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What is an equivalent?

Figure out how to calculate an equivalent and how it relates to a mole. Rishi is a pediatric infectious disease physician and works at Khan Academy. Created by Rishi Desai.

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Video transcript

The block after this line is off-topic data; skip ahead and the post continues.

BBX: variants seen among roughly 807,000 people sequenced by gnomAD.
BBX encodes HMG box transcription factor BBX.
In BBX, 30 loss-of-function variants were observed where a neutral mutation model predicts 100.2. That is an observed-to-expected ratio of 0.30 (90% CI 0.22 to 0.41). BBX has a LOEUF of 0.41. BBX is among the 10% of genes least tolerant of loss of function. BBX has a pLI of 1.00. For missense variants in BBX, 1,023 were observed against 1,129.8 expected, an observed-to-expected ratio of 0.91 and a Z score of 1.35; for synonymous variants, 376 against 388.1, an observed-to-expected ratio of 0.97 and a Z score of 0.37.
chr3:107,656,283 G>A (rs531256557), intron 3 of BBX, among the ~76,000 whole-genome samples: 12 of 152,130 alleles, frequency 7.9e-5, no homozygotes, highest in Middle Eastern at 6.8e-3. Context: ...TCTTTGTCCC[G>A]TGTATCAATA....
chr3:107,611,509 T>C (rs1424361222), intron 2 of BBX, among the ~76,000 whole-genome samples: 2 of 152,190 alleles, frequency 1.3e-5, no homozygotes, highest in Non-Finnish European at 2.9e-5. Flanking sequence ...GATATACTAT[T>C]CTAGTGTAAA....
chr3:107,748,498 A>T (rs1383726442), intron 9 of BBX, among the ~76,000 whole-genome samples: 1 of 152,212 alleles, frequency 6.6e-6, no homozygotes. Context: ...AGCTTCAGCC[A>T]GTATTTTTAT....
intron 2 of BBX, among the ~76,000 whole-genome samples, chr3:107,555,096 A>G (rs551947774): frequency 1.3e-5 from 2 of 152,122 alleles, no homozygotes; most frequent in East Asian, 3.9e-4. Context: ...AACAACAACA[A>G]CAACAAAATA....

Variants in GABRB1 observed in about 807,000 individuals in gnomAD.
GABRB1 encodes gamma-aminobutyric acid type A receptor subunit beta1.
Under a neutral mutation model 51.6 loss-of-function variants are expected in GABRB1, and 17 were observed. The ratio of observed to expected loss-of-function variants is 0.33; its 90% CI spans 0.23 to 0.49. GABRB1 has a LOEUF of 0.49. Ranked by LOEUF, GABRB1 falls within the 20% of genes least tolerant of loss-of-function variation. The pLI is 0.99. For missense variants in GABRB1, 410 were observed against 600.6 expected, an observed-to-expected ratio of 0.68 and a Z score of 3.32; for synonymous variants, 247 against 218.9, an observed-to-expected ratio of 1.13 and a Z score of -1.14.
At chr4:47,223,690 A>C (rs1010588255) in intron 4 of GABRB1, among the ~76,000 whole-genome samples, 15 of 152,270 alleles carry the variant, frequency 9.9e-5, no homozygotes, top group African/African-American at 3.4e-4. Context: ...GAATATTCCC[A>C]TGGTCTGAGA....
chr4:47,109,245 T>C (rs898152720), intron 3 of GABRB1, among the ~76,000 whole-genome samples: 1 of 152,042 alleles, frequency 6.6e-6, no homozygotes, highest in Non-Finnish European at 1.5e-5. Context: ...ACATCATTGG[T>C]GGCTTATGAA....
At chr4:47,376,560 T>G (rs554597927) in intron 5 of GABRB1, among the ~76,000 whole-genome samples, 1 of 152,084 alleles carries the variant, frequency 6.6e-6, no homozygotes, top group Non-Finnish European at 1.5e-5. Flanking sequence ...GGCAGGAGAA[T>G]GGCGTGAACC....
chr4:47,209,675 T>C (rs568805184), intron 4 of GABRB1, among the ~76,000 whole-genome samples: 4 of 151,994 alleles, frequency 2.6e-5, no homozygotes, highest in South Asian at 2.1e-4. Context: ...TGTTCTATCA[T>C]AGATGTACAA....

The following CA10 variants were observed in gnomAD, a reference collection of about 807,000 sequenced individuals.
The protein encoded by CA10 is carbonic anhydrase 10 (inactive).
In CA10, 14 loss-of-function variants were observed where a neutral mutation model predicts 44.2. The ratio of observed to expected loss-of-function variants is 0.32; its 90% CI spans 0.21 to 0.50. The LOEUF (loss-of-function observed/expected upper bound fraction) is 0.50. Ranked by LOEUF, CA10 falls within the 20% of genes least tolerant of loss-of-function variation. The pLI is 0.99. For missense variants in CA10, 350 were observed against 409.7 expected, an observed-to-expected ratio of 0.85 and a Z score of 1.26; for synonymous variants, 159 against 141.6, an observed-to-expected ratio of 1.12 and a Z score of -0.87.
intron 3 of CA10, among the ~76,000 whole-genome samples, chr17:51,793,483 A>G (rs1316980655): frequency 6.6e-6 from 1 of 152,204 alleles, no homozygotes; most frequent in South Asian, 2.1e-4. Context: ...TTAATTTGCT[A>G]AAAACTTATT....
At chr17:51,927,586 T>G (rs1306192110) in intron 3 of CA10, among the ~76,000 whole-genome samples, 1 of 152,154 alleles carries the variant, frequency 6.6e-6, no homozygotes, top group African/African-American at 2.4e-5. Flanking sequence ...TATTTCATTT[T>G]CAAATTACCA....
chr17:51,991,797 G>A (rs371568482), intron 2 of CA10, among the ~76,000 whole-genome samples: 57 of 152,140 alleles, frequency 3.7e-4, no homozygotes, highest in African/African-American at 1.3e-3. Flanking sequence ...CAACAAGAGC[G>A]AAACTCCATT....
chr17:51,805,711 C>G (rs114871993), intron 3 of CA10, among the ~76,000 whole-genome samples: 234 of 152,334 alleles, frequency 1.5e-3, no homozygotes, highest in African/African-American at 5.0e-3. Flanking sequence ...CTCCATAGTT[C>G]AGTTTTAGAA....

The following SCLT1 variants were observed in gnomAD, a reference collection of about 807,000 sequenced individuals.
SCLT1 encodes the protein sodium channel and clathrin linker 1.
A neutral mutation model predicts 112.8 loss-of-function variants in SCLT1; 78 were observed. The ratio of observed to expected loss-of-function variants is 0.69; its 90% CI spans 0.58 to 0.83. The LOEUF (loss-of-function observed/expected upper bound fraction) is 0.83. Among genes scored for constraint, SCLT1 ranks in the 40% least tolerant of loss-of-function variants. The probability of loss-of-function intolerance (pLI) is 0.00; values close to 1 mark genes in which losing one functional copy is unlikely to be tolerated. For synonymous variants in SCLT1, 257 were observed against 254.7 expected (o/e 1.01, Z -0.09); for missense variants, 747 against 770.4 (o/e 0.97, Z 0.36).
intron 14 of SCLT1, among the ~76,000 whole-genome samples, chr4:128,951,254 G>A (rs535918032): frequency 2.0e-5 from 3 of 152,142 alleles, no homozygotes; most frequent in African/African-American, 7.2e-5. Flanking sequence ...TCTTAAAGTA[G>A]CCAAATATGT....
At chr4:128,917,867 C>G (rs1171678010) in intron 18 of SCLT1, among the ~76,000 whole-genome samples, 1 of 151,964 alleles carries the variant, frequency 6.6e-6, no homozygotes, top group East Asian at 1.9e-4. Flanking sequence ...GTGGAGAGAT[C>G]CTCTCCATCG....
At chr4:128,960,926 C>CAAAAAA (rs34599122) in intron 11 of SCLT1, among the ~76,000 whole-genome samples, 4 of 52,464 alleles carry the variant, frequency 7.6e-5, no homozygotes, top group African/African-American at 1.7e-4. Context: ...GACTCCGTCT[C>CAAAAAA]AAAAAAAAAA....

I went to Wikipedia, and I decided to pick up the definition for an equivalent there. And I actually didn't find it too useful, but there are some things that I wanted to point out. So it says, "The equivalent is formally defined as the amount of a substance which will either react or supply with one mole of hydrogen ions in an acid base reaction; or do the same with one mole of electrons in a redox reaction." So all I've really figured out so far-- I was a little confused when I read this-- but I figured out what they are saying is that an equivalent is basically some amount, some number, right? So let's start there. So when someone says, hey, how many equivalents do you have? I know that they're talking about some number. So equivalent is equal to-- and this is for some ion, right? So for some ion of my choosing an equivalent equals some number. And usually that number is in terms of moles. So some number of moles that I need, so needed to balance something. I'm actually balancing some charge. So balance the charge of an oppositely charged-- so an opposite charge-- opposite monovalent. Actually, I should even add, balance the charge of-- I guess I can add without erasing-- charge of one mole-- that's actually really important-- of an oppositely charged monovalent. OK, so let's jump into an example, because I think that will clear up any confusion that you may have to this point. So let's say we're talking about, for some ion, let's say we pick potassium, OK? Here's our potassium. And I've got to balance out one mole of an oppositely charged monovalent. So this is my little line demarcating the other side. So on the other side let's say we have chloride. And chloride is oppositely charged. It's negative, right? And it's a monovalent. It's not negative 2, or negative 3. It's just negative 1, right? So we've got, let's say a mole of these, because the definition I wrote up just said that I needed a mole of an oppositely charged-- and as I'm writing this up, I'm realizing, and I hope you are, too, that there's no way in the world I can write up a mole of this stuff. There's no way, right? So let me just get the point across that, just imagine that there are a total of this many-- 6.02 times 10 to the 23rd chlorides. Because that's really the question. How many potassiums do you need to balance out the charge from all of those chlorides. And that's too big a number, too big a number to write out in any easy way, other than to say, well, maybe you need some number of moles of potassium. And that's why I wrote that right into the definition. So let's figure this out. So we know that potassium binds one to one with chloride, right? We know that's what happens. So when potassium's floating around, and it's gonna bump into chloride, it's going to go one to one. So we know that for one chloride, we're going to get one potassium. And so that means that for one mole of chlorides, we're going to get one mole of potassiums bound to them, right? And that's going to balance out the charge perfectly. So if someone says, well, how many equivalents do you have for potassium? That seems like a very simple answer. Well you say, OK, well, one equivalent would then be one mole of potassium. Or you could even rephrase it. You could say, well, in one mole of potassium-- and this is how people usually use the phrase. They say, well, 1 mole of potassium equals 1 equivalent. So I know that's the same thing flipped around, but that's how people usually state it. So now let's do a slightly more challenging example, and you'll see where this becomes a little different. So instead of potassium, let me jump into another one. Let's do calcium. Calcium-- so there's a plus 2. And same thing as before. I'm going to have to choose some oppositely charged monovalent. And I'm going to pick the same one, because this still is oppositely charged. I just needed some negatively charged monovalent, and chloride suits our purposes. And we know, just as before, we need a whole mole of them. And so if that's the case, how many calciums will bind to a chloride, and vice versa. How many chlorides will bind to a calcium? So let's imagine we have a little chloride and calcium party, and they can meet each other. Well, what's going to happen is, that you're going to have a calcium there, and a chloride there, and a chloride there, right? Because this will come here. This will come here. And they're going to basically bind and make this. They're going to make CaCl2, because the chlorides are only one negative charge-- actually, and this is two positive charges. I'm flipping around my negatives and positives. Sorry about that. There we go. Negative, negative, and plus 2. So you know that for every one calcium, you're going to get two chlorides. So let me write that out very clearly. So for every one calcium-- or actually I can write for every two chlorides you get one calcium, right? And that means that for every-- if I divide both sides by 2-- for every 1 chloride, I basically needed a 1/2 a calcium. And that's not how we think about it, usually, because it's hard to imagine 1/2 a calcium. But at least the math works out there. And so if I'm talking about one mole of chloride, then I'm left saying, well, then I have a 1/2 a mole of calcium. So far so good. And so, then, 1 equivalent, going back to our definition, equals 1/2 mole of calcium. And I said that we could flip around the equation, and we can. We could say, well, then 1 mole-- now all I did is multiplied both sides by 2-- 1 mole of calcium-- I'm not writing clearly right now, sorry-- 1 mole of calcium equals 2 equivalents. So there is how people usually phrase it. They'll say, OK, well, how many equivalents do you get for 1 mole of something? And so here you would say the answer is 2. And so I just want to point out something to you, which is that we kind of did this a long way, but here is a quick and dirty way. You could say, well, I know that calcium is divalent, and we know that potassium is monovalent, and here is kind of an interesting pattern that's emerging, right? As this Ca plus 2 emerged, we got 2 equivalents out of it. Let's test this with a third one. Let's just see what we get if we use, let's say, nitrogen. So let's do nitrogen. Nitrogen is negative 3. And I have to create my boundary, and on the other side, I need some oppositely charged monovalent. So there's a monovalent and it's opposite-- here's monovalent, check, and it's oppositely charged, check. Opposite. Opposite of the negative, right? So check, check. It meets our requirements. And I need a mole of them. So I have to draw out a mole, and you know there's no way I can do that, as I said before. And so just imagine 1 mole of these guys. And the question, again, is how much nitrogen do I need to balance all this out? And I'm gonna just underline in red the clue. So here's the clue. And let's now actually go through the steps of figuring it out kind of the longer way. So let's imagine you have a nitrogen here, negative 3, and it's going to be at this, let's say, cocktail party, and it meets some protons. And in this case, 3 of them come by. So it's going to form NH3, right? If we say 3 protons then come together with 1 nitrogen, which is what we just said, then I can divide both sides by 3, and I can see that 1 proton then comes with 1/3 of a nitrogen. So far so good. And I can then even go on to say 1 mole of protons, which is going back to our definition, would be balanced out by 1/3 of a mole of nitrogen. And if that's the case, then I can say, well, 1 equivalent equals 1/3 third of a mole of nitrogen. And I'm going to flip this around, just as we did before. I could say, then 1-- let me change that-- I could say, then 1 mole of nitrogen equals 3 equivalents. And remember, we underlined that little 3 in the beginning, and I'm going to underline it again. And now you can very clearly see the pattern that's emerging. So you can see that any time you look at the cation or anion that you're talking about, if you look at the number-- like if it's, let's say, magnesium, that's 2 plus, or calcium is 2 plus-- then you can know immediately that that probably means, if you did the work the long way like we just did, that the equivalents are going to work out to the same number. So nitrogen has 3 equivalents. Magnesium or calcium have 2 equivalents. And potassium and chloride, they all have 1 equivalent. So that's what equivalents mean in terms of the moles needed to balance out a charge on the opposite side.